New study shows tax cuts on the rich will not pave the way to post pandemic recovery 

New study shows tax cuts on the rich will not pave the way to post pandemic recovery 

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An extensive new study shows the case for keeping taxes low on the rich is weak, and that ‘trickle down’ economics will not pave the way to post pandemic recovery.

In fact, the paper, by David Hope of the London School of Economics and Julian Limberg of King’s College London, found such measures only really benefit those directly affected, and do little to promote jobs or growth.


How was the research carried out?

The authors looked at data on income, capital and assets from 18 OECD countries, including the US and UK over the past half century.

Their findings show this was a period of falling taxes on the rich in these advanced economies. And that cuts were spread across countries throughout the observation period, but were particularly clustered in the late 1980s.


Dr Hope said: 

“Major tax cuts for the rich since the 1980s have increased income inequality, with all the problems that brings, without any offsetting gains in economic performance.”

And the paper itself states that, although these reductions:increase the top 1% share of pre-tax national income in the years following any reform:

“...economic performance, as measured by real GDP per capita and the unemployment rate, is not significantly affected by major tax cuts for the rich. The estimated effects for these variables are statistically indistinguishable from zero.”



The oft-cited argument that labour supply could be affected is also challenged, as the report finds: 

“... the effects of growth and unemployment provide evidence against supply side theories that suggest lower taxes on the rich will induce labour supply responses from high-income individuals (more hours of work, more effort etc.) that boost economic activity. They are, in fact, more in line with recent empirical research showing that income tax holidays and windfall gains do not lead individuals to significantly alter the amount they work.”

In essence:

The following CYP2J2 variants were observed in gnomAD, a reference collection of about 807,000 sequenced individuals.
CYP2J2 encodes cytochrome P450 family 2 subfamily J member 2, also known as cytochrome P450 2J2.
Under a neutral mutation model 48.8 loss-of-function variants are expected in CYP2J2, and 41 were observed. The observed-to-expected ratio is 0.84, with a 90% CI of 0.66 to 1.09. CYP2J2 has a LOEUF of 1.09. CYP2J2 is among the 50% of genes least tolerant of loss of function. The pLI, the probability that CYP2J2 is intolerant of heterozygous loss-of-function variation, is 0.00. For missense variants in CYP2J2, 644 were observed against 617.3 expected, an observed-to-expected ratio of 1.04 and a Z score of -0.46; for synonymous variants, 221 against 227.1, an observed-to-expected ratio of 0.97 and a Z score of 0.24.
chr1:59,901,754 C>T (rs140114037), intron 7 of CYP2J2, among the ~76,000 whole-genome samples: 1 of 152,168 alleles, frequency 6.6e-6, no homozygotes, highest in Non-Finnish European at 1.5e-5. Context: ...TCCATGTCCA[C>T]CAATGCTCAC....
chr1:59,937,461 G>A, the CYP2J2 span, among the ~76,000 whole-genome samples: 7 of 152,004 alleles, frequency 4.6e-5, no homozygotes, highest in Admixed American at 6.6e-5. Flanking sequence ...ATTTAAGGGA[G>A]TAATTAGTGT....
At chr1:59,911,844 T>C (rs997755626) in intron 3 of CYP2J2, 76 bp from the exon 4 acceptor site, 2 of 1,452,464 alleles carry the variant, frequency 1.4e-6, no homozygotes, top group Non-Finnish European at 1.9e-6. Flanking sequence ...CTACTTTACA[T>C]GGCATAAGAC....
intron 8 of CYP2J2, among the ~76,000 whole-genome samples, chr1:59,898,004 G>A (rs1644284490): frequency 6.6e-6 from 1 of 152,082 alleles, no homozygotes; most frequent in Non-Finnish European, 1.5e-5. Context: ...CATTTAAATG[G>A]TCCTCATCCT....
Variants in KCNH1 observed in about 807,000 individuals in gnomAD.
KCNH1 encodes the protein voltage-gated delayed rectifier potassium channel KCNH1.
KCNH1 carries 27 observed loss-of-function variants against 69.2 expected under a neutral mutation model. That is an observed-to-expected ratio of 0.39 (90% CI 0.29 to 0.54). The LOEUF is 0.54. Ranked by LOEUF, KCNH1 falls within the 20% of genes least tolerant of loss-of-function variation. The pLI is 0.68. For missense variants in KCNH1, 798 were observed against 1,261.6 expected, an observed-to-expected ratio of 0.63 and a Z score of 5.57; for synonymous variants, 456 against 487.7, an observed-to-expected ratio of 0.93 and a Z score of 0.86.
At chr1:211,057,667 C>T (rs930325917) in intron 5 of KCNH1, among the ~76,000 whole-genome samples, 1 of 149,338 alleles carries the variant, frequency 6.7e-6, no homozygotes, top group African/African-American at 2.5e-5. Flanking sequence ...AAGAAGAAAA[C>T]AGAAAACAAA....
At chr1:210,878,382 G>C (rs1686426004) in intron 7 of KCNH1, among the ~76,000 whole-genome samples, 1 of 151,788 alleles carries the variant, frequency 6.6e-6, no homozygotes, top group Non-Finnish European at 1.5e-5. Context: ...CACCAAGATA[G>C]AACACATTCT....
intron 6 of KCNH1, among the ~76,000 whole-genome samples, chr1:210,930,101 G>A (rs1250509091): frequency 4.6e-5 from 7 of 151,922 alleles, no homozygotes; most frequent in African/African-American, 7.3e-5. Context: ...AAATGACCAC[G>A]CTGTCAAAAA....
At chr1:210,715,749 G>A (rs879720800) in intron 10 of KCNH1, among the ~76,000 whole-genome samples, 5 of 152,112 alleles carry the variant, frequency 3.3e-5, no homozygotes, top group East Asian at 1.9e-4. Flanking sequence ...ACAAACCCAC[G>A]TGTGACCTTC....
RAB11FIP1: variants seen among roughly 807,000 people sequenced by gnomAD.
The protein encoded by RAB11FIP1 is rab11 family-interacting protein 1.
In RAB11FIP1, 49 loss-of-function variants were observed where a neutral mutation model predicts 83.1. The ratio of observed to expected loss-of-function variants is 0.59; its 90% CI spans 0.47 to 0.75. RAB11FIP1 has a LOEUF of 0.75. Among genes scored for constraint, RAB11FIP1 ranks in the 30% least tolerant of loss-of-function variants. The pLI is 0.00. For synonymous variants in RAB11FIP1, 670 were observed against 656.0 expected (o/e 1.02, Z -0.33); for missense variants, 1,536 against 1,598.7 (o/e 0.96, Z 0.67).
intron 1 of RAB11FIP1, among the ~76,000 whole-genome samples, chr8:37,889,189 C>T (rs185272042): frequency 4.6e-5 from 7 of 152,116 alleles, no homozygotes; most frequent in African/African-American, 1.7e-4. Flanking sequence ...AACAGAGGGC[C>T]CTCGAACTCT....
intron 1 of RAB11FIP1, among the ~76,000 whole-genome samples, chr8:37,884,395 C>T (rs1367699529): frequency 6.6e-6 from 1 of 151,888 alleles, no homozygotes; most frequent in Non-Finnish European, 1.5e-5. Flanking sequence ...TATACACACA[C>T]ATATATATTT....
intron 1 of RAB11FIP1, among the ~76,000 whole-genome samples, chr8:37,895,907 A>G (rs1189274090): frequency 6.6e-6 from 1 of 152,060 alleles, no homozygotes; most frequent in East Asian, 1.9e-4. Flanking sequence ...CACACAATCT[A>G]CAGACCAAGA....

“The authors conclude that cuts for rich people breed inequality without providing much of a boon to anyone else, an d that this could add to the case for the wealthy to bear more of the cost of the coronavirus pandemic”.


How does this reflect on the UKs recovery?

The UK is set to suffer the worst economic decline in 300 years, but Hope said, in a recent interview:

“Policy makers shouldn’t worry that raising taxes on the rich to fund the financial costs of the pandemic will harm their economies,” 


Rishi Sunak’s recent announcement on freezes to public sector pay as a solution, then, is concerning. Not only does this indicate a shift back towards austerity (which top economists agree doesn’t work), but it also carries an expectation that key workers bear this burden. 

It shows a real reluctance, on Sunak’s side, to consider tax rises as a way to repair the country’s public finances - or put in place measures which might impact higher-earning individuals. 

At the same time, the Wealth Tax Commission concluded, just last week, that the economy could weather a one-off 5% tax on wealth.

Any argument that the well off will just relocate, as a result, are continually disproved. In fact, Brexit has been much more of an accelerator, on that front, for British billionaires.

Dr Limberg, Lecturer in Public Policy at King’s College London, said:

 “Our results might be welcome news for governments as they seek to repair the public finances after the COVID-19 crisis, as they imply that they should not be unduly concerned about the economic consequences of higher taxes on the rich.”

Certainly, while the UK faces dual economic threats from Coronavirus and a ‘no deal’ Brexit, we hope Mr Sunak is listening.  Because the effects on the greater share of the UK population, if he rejects the findings of such a conclusive study, could be devastating.